Objective: To investigate the predictors of monoclonal gammopathy of undetermined significance (MGUS) by considering not only the initial features but also the pattern of evolution of the M protein during the first years after diagnosis.
Patients and methods: This study consisted of 359 patients diagnosed as having MGUS at a single institution. Patients who showed a definite and progressive increase in their M protein size according to serum electrophoresis during the first 3 years of follow-up were considered to have evolving MGUS, whereas all others were considered to have nonevolving MGUS.
Results: Of the 359 patients, 330 had nonevolving MGUS, whereas 29 fulfilled the criteria for evolving MGUS. Overall, 32 patients developed malignant transformation. The progression rates at 10 and 20 years of follow-up for the evolving and the nonevolving types were 55% vs 10% and 80% vs 13%, respectively. Multivariate analysis revealed that the features significantly associated with a higher risk of progression were evolving MGUS (relative risk [RR], 12.14; P<.001), IgA MGUS (RR, 2.93; P=.006), and M protein concentration (RR, 2.18; P=.04).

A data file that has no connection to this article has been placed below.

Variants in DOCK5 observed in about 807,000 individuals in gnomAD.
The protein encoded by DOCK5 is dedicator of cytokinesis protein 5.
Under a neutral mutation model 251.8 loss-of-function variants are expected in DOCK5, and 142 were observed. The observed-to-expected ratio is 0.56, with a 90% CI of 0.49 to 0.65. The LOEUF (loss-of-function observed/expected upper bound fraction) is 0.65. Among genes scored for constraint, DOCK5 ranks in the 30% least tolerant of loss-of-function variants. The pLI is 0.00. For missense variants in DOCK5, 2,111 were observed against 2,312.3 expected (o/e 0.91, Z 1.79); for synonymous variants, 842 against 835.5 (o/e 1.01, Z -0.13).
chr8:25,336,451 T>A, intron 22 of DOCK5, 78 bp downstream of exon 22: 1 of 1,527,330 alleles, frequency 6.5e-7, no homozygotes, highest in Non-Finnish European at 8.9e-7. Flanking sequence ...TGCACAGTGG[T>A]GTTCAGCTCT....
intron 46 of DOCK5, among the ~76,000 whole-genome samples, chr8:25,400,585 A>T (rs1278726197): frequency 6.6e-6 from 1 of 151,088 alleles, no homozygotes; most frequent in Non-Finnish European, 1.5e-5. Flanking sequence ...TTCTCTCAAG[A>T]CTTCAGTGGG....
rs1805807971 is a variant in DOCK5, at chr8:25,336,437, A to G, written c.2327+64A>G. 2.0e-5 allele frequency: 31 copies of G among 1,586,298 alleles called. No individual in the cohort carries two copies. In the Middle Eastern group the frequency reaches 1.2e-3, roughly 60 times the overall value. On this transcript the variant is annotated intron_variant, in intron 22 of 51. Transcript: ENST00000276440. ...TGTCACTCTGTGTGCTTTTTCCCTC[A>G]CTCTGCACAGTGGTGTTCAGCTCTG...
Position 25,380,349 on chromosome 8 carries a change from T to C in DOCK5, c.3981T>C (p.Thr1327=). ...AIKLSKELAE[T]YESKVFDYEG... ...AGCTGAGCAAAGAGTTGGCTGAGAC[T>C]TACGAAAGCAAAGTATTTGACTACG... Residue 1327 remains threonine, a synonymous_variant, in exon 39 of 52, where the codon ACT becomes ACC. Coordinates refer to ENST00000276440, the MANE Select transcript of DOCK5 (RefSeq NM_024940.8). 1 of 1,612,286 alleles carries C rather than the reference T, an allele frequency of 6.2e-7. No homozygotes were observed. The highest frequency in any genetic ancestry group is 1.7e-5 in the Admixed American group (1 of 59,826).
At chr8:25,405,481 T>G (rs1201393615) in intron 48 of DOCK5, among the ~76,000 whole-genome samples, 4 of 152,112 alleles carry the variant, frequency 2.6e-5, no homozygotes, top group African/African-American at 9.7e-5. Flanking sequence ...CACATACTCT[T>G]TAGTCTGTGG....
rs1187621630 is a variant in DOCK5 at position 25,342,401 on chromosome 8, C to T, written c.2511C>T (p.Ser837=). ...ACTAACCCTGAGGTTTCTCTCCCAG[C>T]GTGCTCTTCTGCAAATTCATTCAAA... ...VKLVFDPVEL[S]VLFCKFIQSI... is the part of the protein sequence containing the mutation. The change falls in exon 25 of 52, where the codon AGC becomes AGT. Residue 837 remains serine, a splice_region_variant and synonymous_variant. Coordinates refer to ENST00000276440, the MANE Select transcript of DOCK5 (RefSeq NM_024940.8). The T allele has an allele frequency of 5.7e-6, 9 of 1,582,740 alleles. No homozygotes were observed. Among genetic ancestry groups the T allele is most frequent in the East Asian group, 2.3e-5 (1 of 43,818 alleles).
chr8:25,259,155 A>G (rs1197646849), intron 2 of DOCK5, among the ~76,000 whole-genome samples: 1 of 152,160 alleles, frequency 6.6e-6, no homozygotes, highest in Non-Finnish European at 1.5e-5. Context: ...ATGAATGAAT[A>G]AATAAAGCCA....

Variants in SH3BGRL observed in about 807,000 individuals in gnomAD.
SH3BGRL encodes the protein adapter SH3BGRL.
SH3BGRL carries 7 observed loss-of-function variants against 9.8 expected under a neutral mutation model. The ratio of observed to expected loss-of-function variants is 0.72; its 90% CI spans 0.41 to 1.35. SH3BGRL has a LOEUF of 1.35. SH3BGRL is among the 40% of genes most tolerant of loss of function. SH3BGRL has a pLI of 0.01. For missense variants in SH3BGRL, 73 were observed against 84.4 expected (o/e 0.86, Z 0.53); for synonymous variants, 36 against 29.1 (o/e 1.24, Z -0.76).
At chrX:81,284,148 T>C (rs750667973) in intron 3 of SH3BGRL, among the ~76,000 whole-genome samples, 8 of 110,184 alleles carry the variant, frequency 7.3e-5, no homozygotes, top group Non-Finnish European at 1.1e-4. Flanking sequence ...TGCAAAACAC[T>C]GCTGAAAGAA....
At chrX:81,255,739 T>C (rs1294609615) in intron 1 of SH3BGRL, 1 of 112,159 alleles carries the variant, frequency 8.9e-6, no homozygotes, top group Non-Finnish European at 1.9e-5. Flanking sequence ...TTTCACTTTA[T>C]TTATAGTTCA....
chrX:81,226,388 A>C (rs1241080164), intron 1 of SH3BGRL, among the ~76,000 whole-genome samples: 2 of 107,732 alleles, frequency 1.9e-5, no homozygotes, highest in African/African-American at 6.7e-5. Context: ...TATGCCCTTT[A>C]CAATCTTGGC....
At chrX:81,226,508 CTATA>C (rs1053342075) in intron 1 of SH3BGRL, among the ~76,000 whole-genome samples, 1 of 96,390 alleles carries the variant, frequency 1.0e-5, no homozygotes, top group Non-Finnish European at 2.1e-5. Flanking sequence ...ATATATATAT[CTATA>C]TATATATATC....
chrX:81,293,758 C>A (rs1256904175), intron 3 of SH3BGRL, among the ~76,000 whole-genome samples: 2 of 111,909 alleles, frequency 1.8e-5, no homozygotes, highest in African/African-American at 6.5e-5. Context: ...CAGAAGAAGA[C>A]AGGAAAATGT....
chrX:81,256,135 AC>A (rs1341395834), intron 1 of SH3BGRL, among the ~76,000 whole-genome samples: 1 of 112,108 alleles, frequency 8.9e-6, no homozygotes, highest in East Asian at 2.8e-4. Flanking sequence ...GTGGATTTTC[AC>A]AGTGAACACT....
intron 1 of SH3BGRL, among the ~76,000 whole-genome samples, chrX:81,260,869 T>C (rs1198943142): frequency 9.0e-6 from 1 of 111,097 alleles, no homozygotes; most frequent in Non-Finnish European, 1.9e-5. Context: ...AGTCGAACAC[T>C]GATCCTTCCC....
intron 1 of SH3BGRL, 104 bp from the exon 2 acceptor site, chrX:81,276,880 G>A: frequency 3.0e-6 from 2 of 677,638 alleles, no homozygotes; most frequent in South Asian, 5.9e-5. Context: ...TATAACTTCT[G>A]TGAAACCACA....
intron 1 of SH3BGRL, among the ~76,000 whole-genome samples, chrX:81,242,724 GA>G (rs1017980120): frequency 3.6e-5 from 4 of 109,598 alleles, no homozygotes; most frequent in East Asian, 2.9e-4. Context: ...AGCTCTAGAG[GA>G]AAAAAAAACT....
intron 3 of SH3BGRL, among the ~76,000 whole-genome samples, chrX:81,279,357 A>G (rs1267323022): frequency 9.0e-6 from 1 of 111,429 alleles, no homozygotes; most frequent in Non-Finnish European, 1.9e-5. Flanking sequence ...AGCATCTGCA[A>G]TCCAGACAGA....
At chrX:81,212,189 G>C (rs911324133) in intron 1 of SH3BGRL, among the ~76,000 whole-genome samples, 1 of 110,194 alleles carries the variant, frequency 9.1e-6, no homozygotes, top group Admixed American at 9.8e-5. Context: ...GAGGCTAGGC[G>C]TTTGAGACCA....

Conclusion: The evolutionary pattern of serum M protein (progressive increasing vs stable) during the first years of follow-up is the most important risk factor for disease progression in patients with MGUS.